If you try to play checkers in a chess world, problems are your reward.
Chess is not a game of luck, and neither is business. When you win, it’s because you made good decisions.
I am fascinated with the game of chess, even though I do not know how to play it yet. It is on my bucket list of games to master; the game contains lots of strategies that are applicable in life and business. I have seen lots of movies (Searching for Bobby Fischer, Life of a King), Documentaries (Magnus, Game Over: Kasparov and the Machine), read some books such as How Life Imitates Chess by Gary Kasparov to name but a few.
Chess Not Checkers by Mark Miller is an excellent book on how we can apply the game of chess to win in business. The author share four Chess Moves that have Parallel to Business, these moves, derived from winning strategies and principles from the chess world, have parallel applications in any organization. The four chess moves are: Bet on Leadership, Act as One, Win the Heart, and Excel at Execution.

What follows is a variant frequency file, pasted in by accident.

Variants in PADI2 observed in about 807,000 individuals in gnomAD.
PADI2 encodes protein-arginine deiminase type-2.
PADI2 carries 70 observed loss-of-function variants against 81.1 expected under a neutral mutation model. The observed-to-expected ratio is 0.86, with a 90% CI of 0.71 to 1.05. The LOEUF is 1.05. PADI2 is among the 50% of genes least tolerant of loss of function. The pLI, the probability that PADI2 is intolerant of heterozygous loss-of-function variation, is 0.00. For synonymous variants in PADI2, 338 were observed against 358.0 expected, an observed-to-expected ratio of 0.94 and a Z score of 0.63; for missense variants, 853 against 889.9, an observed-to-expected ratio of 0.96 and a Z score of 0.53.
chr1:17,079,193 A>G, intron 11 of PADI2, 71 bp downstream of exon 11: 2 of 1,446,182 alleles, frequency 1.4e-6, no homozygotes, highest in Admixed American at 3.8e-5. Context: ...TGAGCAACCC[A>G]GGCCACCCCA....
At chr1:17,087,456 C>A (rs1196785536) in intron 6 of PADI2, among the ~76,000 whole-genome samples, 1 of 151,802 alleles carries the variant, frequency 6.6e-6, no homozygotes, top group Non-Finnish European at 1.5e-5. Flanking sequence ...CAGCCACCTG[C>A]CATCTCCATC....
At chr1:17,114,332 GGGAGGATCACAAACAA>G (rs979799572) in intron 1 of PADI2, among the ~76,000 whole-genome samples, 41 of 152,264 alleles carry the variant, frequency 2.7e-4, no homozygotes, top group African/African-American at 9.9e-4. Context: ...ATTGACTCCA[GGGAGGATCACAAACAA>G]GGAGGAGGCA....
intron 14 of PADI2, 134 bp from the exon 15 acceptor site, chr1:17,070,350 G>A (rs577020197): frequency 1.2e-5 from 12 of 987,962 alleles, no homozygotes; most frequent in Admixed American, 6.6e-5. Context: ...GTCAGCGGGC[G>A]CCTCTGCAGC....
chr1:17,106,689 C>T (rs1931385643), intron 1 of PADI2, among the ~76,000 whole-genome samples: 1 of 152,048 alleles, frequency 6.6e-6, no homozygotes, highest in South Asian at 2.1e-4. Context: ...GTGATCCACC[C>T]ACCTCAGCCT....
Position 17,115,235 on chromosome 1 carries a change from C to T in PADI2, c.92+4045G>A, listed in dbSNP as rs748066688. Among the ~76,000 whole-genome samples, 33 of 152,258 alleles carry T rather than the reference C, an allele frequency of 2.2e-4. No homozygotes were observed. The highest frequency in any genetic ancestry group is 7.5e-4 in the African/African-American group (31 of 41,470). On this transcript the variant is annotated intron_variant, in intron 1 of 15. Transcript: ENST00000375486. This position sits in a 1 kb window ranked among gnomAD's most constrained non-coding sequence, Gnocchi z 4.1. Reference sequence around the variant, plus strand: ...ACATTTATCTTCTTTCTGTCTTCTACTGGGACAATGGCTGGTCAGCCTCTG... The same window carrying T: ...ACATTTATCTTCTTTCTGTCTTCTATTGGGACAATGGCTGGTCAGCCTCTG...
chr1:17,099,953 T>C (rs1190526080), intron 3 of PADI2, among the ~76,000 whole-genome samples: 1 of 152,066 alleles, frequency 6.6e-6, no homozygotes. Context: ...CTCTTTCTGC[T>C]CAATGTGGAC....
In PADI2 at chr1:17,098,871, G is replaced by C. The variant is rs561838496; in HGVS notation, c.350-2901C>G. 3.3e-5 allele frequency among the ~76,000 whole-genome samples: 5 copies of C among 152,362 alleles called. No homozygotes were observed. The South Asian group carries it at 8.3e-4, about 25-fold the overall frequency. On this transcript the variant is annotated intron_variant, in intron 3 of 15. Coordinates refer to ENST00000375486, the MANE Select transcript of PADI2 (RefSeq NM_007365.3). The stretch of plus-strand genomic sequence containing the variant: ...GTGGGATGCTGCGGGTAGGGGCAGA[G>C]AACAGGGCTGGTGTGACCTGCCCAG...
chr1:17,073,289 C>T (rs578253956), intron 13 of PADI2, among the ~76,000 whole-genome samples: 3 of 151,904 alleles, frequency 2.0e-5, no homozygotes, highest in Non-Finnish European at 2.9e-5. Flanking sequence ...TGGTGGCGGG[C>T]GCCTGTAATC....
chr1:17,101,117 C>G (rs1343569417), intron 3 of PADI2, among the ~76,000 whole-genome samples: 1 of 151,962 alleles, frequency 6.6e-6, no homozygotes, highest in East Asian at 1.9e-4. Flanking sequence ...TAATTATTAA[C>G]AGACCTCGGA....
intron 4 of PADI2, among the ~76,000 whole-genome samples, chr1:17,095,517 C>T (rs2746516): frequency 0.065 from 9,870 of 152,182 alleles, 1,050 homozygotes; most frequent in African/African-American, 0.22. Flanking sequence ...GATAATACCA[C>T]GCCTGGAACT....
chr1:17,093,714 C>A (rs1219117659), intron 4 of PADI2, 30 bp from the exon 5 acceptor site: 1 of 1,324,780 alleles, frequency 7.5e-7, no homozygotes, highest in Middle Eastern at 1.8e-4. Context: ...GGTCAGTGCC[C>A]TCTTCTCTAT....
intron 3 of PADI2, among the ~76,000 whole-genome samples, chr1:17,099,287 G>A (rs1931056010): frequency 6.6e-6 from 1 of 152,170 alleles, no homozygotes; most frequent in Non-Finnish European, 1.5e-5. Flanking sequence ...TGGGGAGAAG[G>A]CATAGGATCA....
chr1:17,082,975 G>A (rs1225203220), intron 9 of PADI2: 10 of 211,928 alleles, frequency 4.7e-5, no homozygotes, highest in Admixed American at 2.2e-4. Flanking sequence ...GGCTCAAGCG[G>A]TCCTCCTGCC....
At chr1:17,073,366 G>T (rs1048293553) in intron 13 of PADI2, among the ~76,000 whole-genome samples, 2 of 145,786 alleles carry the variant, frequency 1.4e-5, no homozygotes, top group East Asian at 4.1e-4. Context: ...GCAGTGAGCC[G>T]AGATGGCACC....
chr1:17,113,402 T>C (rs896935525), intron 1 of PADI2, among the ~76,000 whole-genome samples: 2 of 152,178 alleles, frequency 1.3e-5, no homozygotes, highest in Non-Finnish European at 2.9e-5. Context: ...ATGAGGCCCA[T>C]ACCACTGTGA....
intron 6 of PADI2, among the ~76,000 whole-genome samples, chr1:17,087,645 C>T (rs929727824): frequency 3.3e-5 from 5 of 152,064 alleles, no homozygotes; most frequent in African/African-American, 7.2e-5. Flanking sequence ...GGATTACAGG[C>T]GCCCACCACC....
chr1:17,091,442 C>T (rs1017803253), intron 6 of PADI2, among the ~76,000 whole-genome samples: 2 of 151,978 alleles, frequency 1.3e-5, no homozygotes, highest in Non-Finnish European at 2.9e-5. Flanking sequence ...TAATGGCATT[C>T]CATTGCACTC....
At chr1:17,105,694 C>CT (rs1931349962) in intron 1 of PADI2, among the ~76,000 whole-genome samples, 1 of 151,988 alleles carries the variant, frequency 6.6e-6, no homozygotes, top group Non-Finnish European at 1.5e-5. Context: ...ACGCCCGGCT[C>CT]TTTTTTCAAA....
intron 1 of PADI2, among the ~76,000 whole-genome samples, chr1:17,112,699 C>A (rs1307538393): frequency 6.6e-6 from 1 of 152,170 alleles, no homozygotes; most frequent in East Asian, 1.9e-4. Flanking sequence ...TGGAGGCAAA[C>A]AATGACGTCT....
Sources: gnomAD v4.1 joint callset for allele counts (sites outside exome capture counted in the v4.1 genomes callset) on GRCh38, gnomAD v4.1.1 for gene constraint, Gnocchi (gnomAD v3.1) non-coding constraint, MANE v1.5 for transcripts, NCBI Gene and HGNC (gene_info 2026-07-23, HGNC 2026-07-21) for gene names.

In Chess Not Checkers, Mark Miller tells the story of Blake Brown, newly appointed CEO of a company troubled by poor performance and low morale. Nothing Blake learned from his previous roles seems to help him deal with the issues he now faces. The problem, his new mentor points out, is Blake is playing the wrong game.
The early days of an organization are like checkers: a quickly played game with mostly interchangeable pieces. Everybody, the leader included, does a little bit of everything; the pace is frenetic. But as the organization expands, you can’t just keep jumping from activity to activity. You have to think strategically, plan ahead, and leverage every employee’s specific talents—that’s chess. Leaders who continue to play checkers when the name of the game is chess lose.
On his journey, Blake learns four essential strategies from the game of chess that transform his leadership and his organization. The result: unprecedented performance!
Here are my favourite take aways from reading Chess Not Checkers: Elevate Your Leadership Game: